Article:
This campus in Jefferson, Arkansas, houses all National Center for Toxicological Research operations, as well as the Arkansas Regional Laboratories, another FDA facility. For more photos of NCTR, visit Flickr.
A biochemical toxicology scientist in the NCTR lab. For more photos of NCTR, visit Flickr
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A federal research center born in the Cold War era is celebrating its 40th birthday and its reputation as one of the world’s premier science centers.
The National Center for Toxicological Research (NCTR) is marking its anniversary by formalizing a partnership with the state of Arkansas to create a virtual Center for Regulatory Science. The center’s goals will include modernizing this field of research to bring safer products to the market faster, and increasing the understanding of the potential toxicity of nanotechnology-based products.
But all of NCTR’s work, which spans many fields of science and includes a smorgasbord of new technologies, is really about regulatory science, explains Center Director William Slikker, Jr., Ph.D. The center’s focus is on both the development of new approaches to evaluating the safety of products regulated by the Food and Drug Administration (FDA) and the creation of data sets that substantiate and guide regulatory decisions, he says.
NCTR researchers often study a product before it’s even gone through clinical trials. At other times, they study products that have been around a long time but have unforeseen qualities. No matter what the product or health issue, Slikker says, “We develop data to fill the knowledge gap.”
In 1971, President Richard Nixon announced the establishment of the National Center for Toxicological Research on 500 acres in Jefferson, Arkansas. The site was once part of the U.S. Army’s Pine Bluff Arsenal but when President Nixon ordered the creation of this new center, it got a new home—the FDA.
NCTR’s initial mission was to study the effects of toxic chemicals on people and their environment. In the 40 years that have followed, NCTR has established itself as an internationally renowned research center, one that studies toxicity in chemicals, drugs and food, in addition to identifying the biomarkers for terrorism. The center studies human susceptibility to toxicants and the risk of disease. Toxicants are chemical, biological or physical agents that can be harmful to people, plants and animals.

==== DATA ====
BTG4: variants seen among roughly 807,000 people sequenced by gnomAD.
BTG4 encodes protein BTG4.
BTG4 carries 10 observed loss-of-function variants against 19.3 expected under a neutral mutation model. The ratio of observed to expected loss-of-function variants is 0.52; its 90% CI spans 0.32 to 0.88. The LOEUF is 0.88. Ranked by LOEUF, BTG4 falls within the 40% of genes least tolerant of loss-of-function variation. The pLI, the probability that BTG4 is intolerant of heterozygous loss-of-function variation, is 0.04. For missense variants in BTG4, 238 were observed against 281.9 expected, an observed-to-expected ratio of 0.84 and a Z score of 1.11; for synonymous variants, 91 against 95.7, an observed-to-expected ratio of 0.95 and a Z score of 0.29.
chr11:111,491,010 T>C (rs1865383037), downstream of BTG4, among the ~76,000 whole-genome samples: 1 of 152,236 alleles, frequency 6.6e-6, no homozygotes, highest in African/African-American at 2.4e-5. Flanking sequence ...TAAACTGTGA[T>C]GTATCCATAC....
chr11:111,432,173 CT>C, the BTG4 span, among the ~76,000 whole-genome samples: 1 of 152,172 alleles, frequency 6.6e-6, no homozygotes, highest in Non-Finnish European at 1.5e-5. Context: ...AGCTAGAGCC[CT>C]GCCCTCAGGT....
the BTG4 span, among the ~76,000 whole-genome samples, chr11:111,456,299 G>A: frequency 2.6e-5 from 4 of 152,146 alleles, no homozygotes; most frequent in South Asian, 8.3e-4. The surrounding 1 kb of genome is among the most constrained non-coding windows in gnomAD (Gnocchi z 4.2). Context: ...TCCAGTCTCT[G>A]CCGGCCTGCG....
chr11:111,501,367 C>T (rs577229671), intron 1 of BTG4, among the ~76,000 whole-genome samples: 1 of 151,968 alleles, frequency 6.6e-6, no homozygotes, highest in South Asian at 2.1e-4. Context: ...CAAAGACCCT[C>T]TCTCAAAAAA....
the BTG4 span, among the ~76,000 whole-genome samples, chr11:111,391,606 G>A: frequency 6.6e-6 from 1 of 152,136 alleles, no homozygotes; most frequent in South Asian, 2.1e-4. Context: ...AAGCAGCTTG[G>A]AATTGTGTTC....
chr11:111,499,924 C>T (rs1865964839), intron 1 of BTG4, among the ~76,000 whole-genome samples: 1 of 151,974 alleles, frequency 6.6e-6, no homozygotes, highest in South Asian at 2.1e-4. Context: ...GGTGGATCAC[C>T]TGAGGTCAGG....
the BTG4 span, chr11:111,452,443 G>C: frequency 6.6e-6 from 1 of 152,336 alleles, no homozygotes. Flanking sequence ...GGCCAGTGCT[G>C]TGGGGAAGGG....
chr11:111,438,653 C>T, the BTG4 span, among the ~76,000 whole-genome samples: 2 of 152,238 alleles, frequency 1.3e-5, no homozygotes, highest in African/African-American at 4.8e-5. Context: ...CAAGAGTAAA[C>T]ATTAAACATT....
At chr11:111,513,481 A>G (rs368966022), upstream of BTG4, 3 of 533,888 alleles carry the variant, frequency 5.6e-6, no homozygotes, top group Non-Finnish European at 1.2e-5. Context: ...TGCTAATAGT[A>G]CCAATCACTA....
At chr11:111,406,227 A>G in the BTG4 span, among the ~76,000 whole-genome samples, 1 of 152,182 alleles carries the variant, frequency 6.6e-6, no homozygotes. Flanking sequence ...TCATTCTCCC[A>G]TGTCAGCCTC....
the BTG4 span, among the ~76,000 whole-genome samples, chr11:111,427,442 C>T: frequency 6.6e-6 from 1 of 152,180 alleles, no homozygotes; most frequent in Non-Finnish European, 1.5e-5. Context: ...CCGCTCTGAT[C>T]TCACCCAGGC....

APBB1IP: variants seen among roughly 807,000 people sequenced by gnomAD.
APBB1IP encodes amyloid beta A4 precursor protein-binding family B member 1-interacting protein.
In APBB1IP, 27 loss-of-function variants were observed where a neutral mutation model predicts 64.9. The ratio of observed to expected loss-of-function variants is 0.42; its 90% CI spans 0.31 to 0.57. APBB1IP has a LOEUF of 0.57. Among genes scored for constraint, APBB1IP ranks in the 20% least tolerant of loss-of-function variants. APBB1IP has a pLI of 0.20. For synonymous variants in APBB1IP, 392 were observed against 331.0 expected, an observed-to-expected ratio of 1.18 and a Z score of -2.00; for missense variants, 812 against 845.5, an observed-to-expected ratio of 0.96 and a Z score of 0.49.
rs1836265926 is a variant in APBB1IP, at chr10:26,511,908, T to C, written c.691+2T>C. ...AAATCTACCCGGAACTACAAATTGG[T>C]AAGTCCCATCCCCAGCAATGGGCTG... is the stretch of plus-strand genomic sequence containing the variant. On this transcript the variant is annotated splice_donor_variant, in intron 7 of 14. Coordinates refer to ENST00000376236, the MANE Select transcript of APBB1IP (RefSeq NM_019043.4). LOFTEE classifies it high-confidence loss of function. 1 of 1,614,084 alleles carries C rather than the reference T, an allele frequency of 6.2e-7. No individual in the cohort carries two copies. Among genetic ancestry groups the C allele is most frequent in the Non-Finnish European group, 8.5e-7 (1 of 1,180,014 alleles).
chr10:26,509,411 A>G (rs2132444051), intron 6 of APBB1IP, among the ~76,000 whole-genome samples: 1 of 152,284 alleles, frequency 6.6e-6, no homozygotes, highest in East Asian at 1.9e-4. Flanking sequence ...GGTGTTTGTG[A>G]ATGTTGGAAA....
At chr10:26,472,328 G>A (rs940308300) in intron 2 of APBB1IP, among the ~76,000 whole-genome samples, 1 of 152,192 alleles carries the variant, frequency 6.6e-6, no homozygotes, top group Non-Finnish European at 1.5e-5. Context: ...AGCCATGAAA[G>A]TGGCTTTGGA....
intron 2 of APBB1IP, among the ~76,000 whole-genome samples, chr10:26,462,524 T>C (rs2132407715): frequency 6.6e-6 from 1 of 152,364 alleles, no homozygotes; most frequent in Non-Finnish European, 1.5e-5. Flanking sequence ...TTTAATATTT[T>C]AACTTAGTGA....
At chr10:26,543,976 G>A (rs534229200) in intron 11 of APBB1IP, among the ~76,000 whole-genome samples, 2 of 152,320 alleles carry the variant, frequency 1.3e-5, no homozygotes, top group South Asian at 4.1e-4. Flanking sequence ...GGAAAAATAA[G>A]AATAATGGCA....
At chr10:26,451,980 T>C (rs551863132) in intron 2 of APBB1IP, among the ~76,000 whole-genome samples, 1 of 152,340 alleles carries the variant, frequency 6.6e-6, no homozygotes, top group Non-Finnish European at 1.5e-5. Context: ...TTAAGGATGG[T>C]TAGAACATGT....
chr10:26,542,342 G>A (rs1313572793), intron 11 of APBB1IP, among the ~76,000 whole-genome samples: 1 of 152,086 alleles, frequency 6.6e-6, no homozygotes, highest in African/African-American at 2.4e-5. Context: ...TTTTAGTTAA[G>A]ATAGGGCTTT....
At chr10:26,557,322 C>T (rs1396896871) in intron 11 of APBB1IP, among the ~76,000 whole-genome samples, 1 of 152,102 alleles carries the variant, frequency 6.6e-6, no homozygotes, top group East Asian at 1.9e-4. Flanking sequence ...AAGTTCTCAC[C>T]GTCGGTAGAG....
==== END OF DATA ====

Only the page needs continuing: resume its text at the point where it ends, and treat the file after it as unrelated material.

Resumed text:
The multidisciplinary teams of researchers—partnering with colleagues in other government agencies, industry and academia—also tackle a spectrum of personal and public health issues, including those affecting women and minorities in particular, as well as foodborne pathogens, and personalized nutrition and medicine.
The center has more than 500 scientists and other personnel in 30 buildings, in addition to the students, postdoctoral fellows, visiting scientists and FDA staff who come to NCTR to learn new technologies. “We’ve trained hundreds of individuals over the years,” says Slikker.
To celebrate its birthday, FDA and NCTR are taking that research another big step further with the signing of an agreement with the State of Arkansas to create the Center of Excellence for Regulatory Science.
Slikker explained that the agreement is, in a sense, a formalization of NCTR’s long association with researchers at the University of Arkansas for Medical Sciences and other state universities and institutions. There will be a particular focus on the study of the safety and efficacy of nanotechnology, he says.
The center is virtual in the sense that its work will be conducted in both state and federal facilities. There will be an expanded sharing of resources, facilities and education initiatives that target both students and members of the public.
FDA Commissioner Margaret A. Hamburg, M.D., calls the agreement with Arkansas “an important part of modernizing the FDA through the leveraging of intellectual, human and financial resources to better protect and promote the public health.”
Beyond this, NCTR has developed technologies that could one day transform healthcare. They include:
- RAPID-B, a portable system that can instantly detect live pathogens (infectious agents that can cause disease)—such as E. coli 0157, Salmonella and Listeria. This can be used for on-site surveillance of food-producing facilities and for the detection of potential contamination of biological cells and tissues.
- Bioinformatics, the use of computers and math to answer questions about biology. In general, an example of this technology would be software tools that search for certain properties within DNA sequences. At NCTR, teams of scientists from academia, industry and the government have been working together to create the standards, approaches and bioinformatic tools that will enable researchers to mine rich fields of biological data.
- Improvements in scanning devices—noninvasive magnetic resonance spectroscopy and MicroPET—to provide informative, translatable and much lower-risk diagnostics.
- Nanotechnology in cancer therapy that could make it possible to target difficult-to-treat or inoperable cancers.
And there’s promising research underway in the area of personalized medicine, says Slikker. “How do you deal with large data sets and try to develop safety information that’s important to the individual—that’s personalized? This is really exciting."
This article appears on FDA's Consumer Updates page, which features the latest on all FDA-regulated products.
August 12, 2011